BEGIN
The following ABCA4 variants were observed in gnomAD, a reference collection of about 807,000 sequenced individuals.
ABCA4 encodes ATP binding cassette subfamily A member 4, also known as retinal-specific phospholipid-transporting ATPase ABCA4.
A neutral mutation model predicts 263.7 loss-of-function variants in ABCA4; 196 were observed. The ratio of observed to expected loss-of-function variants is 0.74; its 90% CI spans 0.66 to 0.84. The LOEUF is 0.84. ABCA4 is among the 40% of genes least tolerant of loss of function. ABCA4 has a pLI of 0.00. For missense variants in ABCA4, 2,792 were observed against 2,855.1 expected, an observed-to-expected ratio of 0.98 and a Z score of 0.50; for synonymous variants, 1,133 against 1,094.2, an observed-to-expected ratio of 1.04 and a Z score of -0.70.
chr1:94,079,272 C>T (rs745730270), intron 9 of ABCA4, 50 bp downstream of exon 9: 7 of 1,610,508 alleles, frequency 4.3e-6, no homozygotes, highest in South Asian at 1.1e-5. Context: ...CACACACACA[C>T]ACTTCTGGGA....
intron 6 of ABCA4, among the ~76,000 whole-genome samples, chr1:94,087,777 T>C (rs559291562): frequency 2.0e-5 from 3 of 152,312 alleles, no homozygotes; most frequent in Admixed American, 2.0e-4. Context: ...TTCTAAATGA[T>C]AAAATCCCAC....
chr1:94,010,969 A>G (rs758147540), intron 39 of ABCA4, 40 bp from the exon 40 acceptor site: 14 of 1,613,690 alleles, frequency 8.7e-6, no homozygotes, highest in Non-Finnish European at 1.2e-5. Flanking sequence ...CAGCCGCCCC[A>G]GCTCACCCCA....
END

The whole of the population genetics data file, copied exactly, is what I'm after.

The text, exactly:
The following ABCA4 variants were observed in gnomAD, a reference collection of about 807,000 sequenced individuals.
ABCA4 encodes ATP binding cassette subfamily A member 4, also known as retinal-specific phospholipid-transporting ATPase ABCA4.
A neutral mutation model predicts 263.7 loss-of-function variants in ABCA4; 196 were observed. The ratio of observed to expected loss-of-function variants is 0.74; its 90% CI spans 0.66 to 0.84. The LOEUF is 0.84. ABCA4 is among the 40% of genes least tolerant of loss of function. ABCA4 has a pLI of 0.00. For missense variants in ABCA4, 2,792 were observed against 2,855.1 expected, an observed-to-expected ratio of 0.98 and a Z score of 0.50; for synonymous variants, 1,133 against 1,094.2, an observed-to-expected ratio of 1.04 and a Z score of -0.70.
chr1:94,079,272 C>T (rs745730270), intron 9 of ABCA4, 50 bp downstream of exon 9: 7 of 1,610,508 alleles, frequency 4.3e-6, no homozygotes, highest in South Asian at 1.1e-5. Context: ...CACACACACA[C>T]ACTTCTGGGA....
intron 6 of ABCA4, among the ~76,000 whole-genome samples, chr1:94,087,777 T>C (rs559291562): frequency 2.0e-5 from 3 of 152,312 alleles, no homozygotes; most frequent in Admixed American, 2.0e-4. Context: ...TTCTAAATGA[T>C]AAAATCCCAC....
chr1:94,010,969 A>G (rs758147540), intron 39 of ABCA4, 40 bp from the exon 40 acceptor site: 14 of 1,613,690 alleles, frequency 8.7e-6, no homozygotes, highest in Non-Finnish European at 1.2e-5. Flanking sequence ...CAGCCGCCCC[A>G]GCTCACCCCA....